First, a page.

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The Story Is You Can’t Know the Story

2015 March 15


Jamaica Plain, the part of Boston where I live, is known as an artsy community, full of liberal-minded artists and families. The sense of community is one of the reasons I chose to move here. Up until November, though, JP was missing something vital: a bookstore. Enter Papercuts, the tiny, but beautifully curated, new independent bookstore that opened just after Thanksgiving.

I have to limit my visits there because I buy something every time I go in–not only because I want to buy books all the time, but because I want the store to thrive and succeed.

This weekend, I attended a conversation between Celeste Ng and Joan Wickersham at Papercuts and it was one of the most interesting conversations about writing I’ve heard in a good while.

The topic was loss and family tragedy. Both authors have written books that deal with grief and death in the family. In Ng’s novel, Everything I Never Told You, a young girl goes missing and is found drowned in a local lake. Her family is left to deal with the aftermath of her death, trying to piece together why and how she died. Wickersham’s The Suicide Index is a memoir written about her father’s 1991 suicide and how she and her family attempted to make sense of tragedy.

I haven’t read either book, but I bought both of them after the event because I was so intrigued and moved by what the writers had to say. Death, as it happens, has been something that’s been weighing on me recently, and it was helpful to hear others talk about it, and perhaps more importantly, to talk about writing about it.

As Ng said, “the story is, you can’t know the story.” I don’t think this applies to only mysterious deaths–I think it applies to our entire existence as humans, living together and trying to understand one another when deep down, not a single one of us can ever fully know another person. For writers, the act of writing becomes a way of trying to make sense of this knowledge, this unknowability of the world around us. “A lot of writers write because we don’t know,” as Wickersham said.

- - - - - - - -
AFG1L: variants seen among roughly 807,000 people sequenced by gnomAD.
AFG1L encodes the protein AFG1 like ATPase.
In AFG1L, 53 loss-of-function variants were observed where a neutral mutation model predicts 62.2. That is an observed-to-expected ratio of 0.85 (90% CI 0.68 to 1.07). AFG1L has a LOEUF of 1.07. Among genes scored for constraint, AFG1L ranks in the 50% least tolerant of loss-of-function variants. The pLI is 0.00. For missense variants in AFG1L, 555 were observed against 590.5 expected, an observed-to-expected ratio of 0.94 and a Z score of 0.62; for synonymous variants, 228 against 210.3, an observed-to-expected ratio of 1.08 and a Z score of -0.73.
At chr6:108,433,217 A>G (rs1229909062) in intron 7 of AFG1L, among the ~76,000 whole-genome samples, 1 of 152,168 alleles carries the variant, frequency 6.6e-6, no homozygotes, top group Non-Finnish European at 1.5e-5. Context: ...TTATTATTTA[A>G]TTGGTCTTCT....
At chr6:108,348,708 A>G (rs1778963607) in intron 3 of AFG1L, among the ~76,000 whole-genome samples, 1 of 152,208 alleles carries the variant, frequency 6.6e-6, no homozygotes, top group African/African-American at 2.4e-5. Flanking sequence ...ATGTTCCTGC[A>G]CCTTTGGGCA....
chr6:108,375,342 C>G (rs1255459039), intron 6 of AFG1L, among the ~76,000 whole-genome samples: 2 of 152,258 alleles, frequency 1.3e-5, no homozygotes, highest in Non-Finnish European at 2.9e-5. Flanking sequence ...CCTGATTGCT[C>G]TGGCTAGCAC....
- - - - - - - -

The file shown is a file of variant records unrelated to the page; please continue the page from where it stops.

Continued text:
Both Ng and Wickersham talked about how they used structure in their books to make meaning of their stories. In Wickersham’s case, she struggled to write about her father’s death for years, both fictionalized and non, before she settled on the index structure. Suicide, as she pointed out, is a kind of death that causes questions. When her mother died, she was sad, and she misses her, but she “knew who she was missing.” In her father’s case, everything she had known about him was called into question by his decision to take his own life. By writing her story in the form of an index, the section of a book where you go to find answers, she felt closer to being able to make sense of a senseless tragedy. For Ng, writing her novel with sections from the past and the present was important, because she feels the past and present run alongside one another in a person’s life–they work together and inform one another.

Wickersham pointed out that it was ironic to have a conversation about the messy process of writing a book in a bookstore–a showcase of beautiful, orderly, finished products. They agreed that it’s important for writers to talk about this painful process because, otherwise, how would anyone know how truly difficult it is to actually write anything, let alone a book?

In the end, though both books share death and loss as a major theme, they are mainly about the “flavor and texture of family” and how families deal with events, both catastrophic and mundane.

I’m looking forward to reading both books and also attending more events at Papercuts (and buying more books…so many more books).

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